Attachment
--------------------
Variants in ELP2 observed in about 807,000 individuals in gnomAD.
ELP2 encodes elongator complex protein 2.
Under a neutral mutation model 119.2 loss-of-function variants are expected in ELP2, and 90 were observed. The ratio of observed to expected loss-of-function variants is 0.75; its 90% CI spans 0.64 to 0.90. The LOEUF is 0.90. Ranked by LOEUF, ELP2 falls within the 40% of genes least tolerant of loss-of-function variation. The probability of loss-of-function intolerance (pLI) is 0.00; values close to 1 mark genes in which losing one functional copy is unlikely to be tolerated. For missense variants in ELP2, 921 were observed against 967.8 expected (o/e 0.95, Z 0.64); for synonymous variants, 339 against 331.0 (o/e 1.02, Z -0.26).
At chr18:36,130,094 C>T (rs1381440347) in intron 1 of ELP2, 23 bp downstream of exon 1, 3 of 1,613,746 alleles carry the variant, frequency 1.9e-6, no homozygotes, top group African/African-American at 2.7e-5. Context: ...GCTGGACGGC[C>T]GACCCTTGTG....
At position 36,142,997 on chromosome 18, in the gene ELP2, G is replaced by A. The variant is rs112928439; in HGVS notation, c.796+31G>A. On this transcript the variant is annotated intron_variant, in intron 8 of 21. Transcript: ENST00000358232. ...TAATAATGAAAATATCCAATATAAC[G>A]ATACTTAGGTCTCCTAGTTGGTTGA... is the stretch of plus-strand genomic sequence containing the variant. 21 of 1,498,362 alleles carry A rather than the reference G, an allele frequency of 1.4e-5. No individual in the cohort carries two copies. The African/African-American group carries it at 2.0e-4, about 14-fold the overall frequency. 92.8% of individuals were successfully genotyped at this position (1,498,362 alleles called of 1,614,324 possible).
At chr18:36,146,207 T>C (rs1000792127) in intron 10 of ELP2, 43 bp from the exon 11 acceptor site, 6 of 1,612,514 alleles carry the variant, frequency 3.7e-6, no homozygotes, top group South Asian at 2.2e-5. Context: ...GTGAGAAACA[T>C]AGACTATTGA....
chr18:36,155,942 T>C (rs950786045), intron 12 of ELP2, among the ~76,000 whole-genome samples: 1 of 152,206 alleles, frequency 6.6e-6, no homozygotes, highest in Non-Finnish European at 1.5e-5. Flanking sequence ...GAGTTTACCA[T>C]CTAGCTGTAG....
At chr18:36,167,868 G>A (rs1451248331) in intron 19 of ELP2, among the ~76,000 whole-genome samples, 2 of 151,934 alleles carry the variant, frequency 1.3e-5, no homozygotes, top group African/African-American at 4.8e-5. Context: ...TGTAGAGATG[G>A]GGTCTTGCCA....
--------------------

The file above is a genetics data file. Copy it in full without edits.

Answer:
Variants in ELP2 observed in about 807,000 individuals in gnomAD.
ELP2 encodes elongator complex protein 2.
Under a neutral mutation model 119.2 loss-of-function variants are expected in ELP2, and 90 were observed. The ratio of observed to expected loss-of-function variants is 0.75; its 90% CI spans 0.64 to 0.90. The LOEUF is 0.90. Ranked by LOEUF, ELP2 falls within the 40% of genes least tolerant of loss-of-function variation. The probability of loss-of-function intolerance (pLI) is 0.00; values close to 1 mark genes in which losing one functional copy is unlikely to be tolerated. For missense variants in ELP2, 921 were observed against 967.8 expected (o/e 0.95, Z 0.64); for synonymous variants, 339 against 331.0 (o/e 1.02, Z -0.26).
At chr18:36,130,094 C>T (rs1381440347) in intron 1 of ELP2, 23 bp downstream of exon 1, 3 of 1,613,746 alleles carry the variant, frequency 1.9e-6, no homozygotes, top group African/African-American at 2.7e-5. Context: ...GCTGGACGGC[C>T]GACCCTTGTG....
At position 36,142,997 on chromosome 18, in the gene ELP2, G is replaced by A. The variant is rs112928439; in HGVS notation, c.796+31G>A. On this transcript the variant is annotated intron_variant, in intron 8 of 21. Transcript: ENST00000358232. ...TAATAATGAAAATATCCAATATAAC[G>A]ATACTTAGGTCTCCTAGTTGGTTGA... is the stretch of plus-strand genomic sequence containing the variant. 21 of 1,498,362 alleles carry A rather than the reference G, an allele frequency of 1.4e-5. No individual in the cohort carries two copies. The African/African-American group carries it at 2.0e-4, about 14-fold the overall frequency. 92.8% of individuals were successfully genotyped at this position (1,498,362 alleles called of 1,614,324 possible).
At chr18:36,146,207 T>C (rs1000792127) in intron 10 of ELP2, 43 bp from the exon 11 acceptor site, 6 of 1,612,514 alleles carry the variant, frequency 3.7e-6, no homozygotes, top group South Asian at 2.2e-5. Context: ...GTGAGAAACA[T>C]AGACTATTGA....
chr18:36,155,942 T>C (rs950786045), intron 12 of ELP2, among the ~76,000 whole-genome samples: 1 of 152,206 alleles, frequency 6.6e-6, no homozygotes, highest in Non-Finnish European at 1.5e-5. Flanking sequence ...GAGTTTACCA[T>C]CTAGCTGTAG....
At chr18:36,167,868 G>A (rs1451248331) in intron 19 of ELP2, among the ~76,000 whole-genome samples, 2 of 151,934 alleles carry the variant, frequency 1.3e-5, no homozygotes, top group African/African-American at 4.8e-5. Context: ...TGTAGAGATG[G>A]GGTCTTGCCA....